This collection of essays on freedom of expression contains contributions by distinguished judges and lawyers from many varied backgrounds that explore these themes with a critical eye. The book seeks to honour Sir Nicolas Bratza, President of the European Court of Human Rights, for his outstanding contribution, as a jurist and leading judicial figure, to the protection of human rights in Europe.
ISBN 9789058508683 • 580 pp
Russia and the European Court of Human Rights: A Decade of Change
Essays in Honour of Anatoly Kovler
O. Chernishova & M. Lobov (eds)
The last decade has seen a striking rise in Russian cases before the European Court of Human Rights. The influence of its case-law can be seen in all areas of Russian life, becoming a reality on the ground, a genuine impulse for change. Russia, the Court’s biggest “client”, has also played its part in the major development of the Convention system.
Judge Anatoly Kovler has left his mark on this important period for the Convention and for Russia. Beyond his judicial achievements, which are illustrated by hundreds of judgments, he has become a key figure in the dialogue between the Court and the national authorities, thus acting as a bridge between two different environments.
These theoretical and practical essays are published in his honour by his colleagues and friends. The Russian perspective is presented notably by Valery Zorkin, President of the Constitutional Court, and Tatiana Neshatayeva, former Judge at the Supreme Commercial Court. The decade of change from the Court’s viewpoint is highlighted by, among others, its President Dean Spielmann, former Section President Nina Vajic, Deputy Registrar Michael O’Boyle, and former Registrar and Jurisconsult Michele de Salvia. A personal testimonial by the former President of the Court, Jean-Paul Costa, enriches this book along with Professor Frédéric Sudre’s insight into Judge Kovler’s separate opinions.
Book: ISBN 9789462400658 • 166 pp.
Cohérence et impact de la jurisprudence de la
Cour européenne des droits de l’homme
Liber amicorum Vincent Berger
Edité par: Leif Berg, Montserrat Enrich Mas, Peter Kempees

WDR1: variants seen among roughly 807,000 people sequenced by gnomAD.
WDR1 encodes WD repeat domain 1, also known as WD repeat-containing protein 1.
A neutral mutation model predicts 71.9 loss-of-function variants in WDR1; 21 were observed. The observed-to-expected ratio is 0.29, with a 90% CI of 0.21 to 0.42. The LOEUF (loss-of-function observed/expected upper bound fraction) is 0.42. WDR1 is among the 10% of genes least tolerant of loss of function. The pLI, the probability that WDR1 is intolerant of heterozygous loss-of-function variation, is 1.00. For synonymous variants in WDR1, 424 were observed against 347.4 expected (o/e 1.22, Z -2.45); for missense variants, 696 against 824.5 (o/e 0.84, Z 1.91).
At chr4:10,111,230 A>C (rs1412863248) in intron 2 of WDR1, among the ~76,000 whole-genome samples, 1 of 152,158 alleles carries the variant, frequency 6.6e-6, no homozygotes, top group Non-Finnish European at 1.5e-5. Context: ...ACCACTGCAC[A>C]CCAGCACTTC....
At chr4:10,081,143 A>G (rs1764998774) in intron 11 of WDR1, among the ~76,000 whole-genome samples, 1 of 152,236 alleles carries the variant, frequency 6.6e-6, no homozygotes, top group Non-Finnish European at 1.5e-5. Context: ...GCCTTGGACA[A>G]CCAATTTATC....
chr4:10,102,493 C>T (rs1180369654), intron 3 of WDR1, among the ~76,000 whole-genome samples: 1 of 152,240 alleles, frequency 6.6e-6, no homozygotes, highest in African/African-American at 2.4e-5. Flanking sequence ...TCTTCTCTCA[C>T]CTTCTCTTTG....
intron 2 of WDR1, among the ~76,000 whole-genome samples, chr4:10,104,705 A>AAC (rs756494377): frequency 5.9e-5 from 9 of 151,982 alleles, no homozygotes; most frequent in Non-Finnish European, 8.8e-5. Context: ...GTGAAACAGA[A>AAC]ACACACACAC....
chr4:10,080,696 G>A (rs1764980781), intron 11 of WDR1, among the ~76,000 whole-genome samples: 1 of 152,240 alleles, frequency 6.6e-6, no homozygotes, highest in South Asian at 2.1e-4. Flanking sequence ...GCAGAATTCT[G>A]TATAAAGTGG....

L’éminent juriste Vincent Berger prend sa retraite après une carrière longue et brillante au sein du greffe de la Cour européenne des droits de l’homme qu’il termine comme jurisconsulte de la Cour. Il est aussi professeur au Collège d’Europe (Bruges et Natolin).
Ses anciens collègues, universitaires, juges et anciens juges de la Cour et membres de son greffe lui offrent cette collection de textes pour lui témoigner leur respect et leur amitié. Ces études érudites et originales font le point sur la place de la Convention et la Cour européennes des droits de l’homme en droit international et national. Elles examinent la cohérence et l’impact de la jurisprudence en mettant ainsi en exergue le rôle primordial du jurisconsulte de la Cour.
Book: ISBN 9789058509963 • 502 pp.
Thoughts on Article 15 of the European Convention on Human Rights
Article 15 of the European Convention on Human Rights allows States, in time of “war or other public emergency threatening the life of the nation”, to take measures derogating from their obligations to protect human rights.
This brief monograph by a member of the Registry of the European Court of Human Rights offers a personal view on the possibilities of derogation in practice. Its aim is to inform discussion on the relevance today of Article 15 as part of the Convention system. Its main focus is on armed conflict both international and non-international and on terrorism. It makes proposals to breathe new life into Article 15.
Book: ISBN 9789462403703 • 98 pp.
From Final Judgment to Final Resolution
Effectiveness of the Execution of Judgments of the European Court of Human Rights in Finland
This study focuses on the execution of the judgments of the European Court of Human Rights in Finland and especially on its effectiveness. The Court has so far delivered 138 judgments against Finland in which one or more violations of the Convention articles were found.
The aim of this research is to study how these judgments have been executed by the Finnish authorities. Since the starting point for the execution of judgments is the Court’s judgment, the study examines first the nature of the Court’s judgments, their finality and binding force, and studies what kind of obligations flow from a final judgment of the Court under Articles 46 and 41 of the Convention. Then the execution procedure and its effectiveness before the Council of Europe organs as well as the domestic authorities are examined. The next two chapters of the research examine in detail all the individual and general measures taken in the Finnish cases and their effectiveness.